Abstract Body


Most people with HIV exhibit viral rebound within weeks of analytical treatment interruption (ATI), but some can control replication for prolonged periods of time. The mechanisms mediating control upon ATI remain poorly understood, and may involve Natural Killer (NK) cells, potent antiviral immune effectors. The objective of this study was to use CyTOF to identify NK cell features that can predict time-to-rebound upon ATI.


We analyzed samples from two ATI cohorts: the REDUC cohort, which consisted of 17 participants that received therapeutic vaccination (Vacc4x) with the HDAC inhibitor Romidepsin prior to ATI, and the ACTG A5345 cohort, which consisted of 33 chronic- and 12 acute-treated participants that underwent ATI in the absence of any intervention. We phenotyped pre-ATI PBMCs using an NK cell CyTOF panel that includes markers of differentiation and activation states, homing receptors, inhibitory and activating receptors, and intracellular factors. We performed unsupervised clustering analyses to define NK cell clusters, optimized the number of clusters with a leave-one-out cross-validation model, and looked for associations with time-to-rebound, with HIV reservoir size as determined by IPDA, and with time of treatment initiation (chronic vs. acute).


Clustering analyses for the REDUC cohort revealed a cluster that was significantly (p< 0.05) associated with increased time-to-rebound: an individual with 2.1 times the average number of cells belonging to this cluster rebounds on average 3 days later. The NK cells in this cluster were atypical in that they were CD56-CD16+ and exhibited a memory signature. Clustering analyses for the ACTG A5345 cohort revealed that individuals with a lower frequency of intact provirus were significantly (p< 0.01) associated with a different cluster of CD56dimCD16+ NK cells expressing high levels of the inhibitory receptor Siglec-7 associated with functional NK responses. Acute-treated participants were also more likely to have NK cells that expressed high levels of the memory NK cell antigens CXCR6 (p< 0.01) and CD49a (p=0.06).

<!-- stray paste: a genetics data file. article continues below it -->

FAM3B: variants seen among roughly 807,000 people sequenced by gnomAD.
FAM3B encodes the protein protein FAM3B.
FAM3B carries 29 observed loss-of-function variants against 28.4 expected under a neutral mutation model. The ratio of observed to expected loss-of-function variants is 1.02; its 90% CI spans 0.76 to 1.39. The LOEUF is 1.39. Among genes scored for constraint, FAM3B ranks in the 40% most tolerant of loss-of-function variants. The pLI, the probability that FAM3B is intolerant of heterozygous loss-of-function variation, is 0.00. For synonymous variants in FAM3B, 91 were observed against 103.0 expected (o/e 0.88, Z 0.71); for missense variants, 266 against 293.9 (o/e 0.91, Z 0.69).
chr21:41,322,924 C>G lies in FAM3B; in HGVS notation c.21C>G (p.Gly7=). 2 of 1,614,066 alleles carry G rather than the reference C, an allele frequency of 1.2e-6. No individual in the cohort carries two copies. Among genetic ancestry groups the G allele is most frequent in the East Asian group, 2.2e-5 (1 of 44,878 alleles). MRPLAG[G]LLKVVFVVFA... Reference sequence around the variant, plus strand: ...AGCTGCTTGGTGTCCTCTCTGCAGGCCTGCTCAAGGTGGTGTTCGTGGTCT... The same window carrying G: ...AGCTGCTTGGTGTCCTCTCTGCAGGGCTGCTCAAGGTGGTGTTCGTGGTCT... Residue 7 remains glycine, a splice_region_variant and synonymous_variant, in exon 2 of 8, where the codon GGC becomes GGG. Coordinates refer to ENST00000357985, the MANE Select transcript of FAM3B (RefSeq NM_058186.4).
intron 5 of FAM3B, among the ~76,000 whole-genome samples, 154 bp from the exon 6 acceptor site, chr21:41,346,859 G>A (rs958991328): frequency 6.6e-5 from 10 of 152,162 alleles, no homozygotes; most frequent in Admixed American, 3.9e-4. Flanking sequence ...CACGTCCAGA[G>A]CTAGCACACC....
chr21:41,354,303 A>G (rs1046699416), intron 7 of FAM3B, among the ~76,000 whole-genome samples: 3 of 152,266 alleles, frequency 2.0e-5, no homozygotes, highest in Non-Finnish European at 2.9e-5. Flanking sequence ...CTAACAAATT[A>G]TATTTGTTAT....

As CD56-CD16+ NK cells have been associated with bnAb production, these results suggest a potential role of NK cells and HIV-specific antibodies in control of viral replication. Siglec-7+ NK cells may temporarily control viral rebound during ATI. The findings with CXCR6 and CD49a implicate a role for memory NK cells in the preserved immune responses found in acute-treated individuals.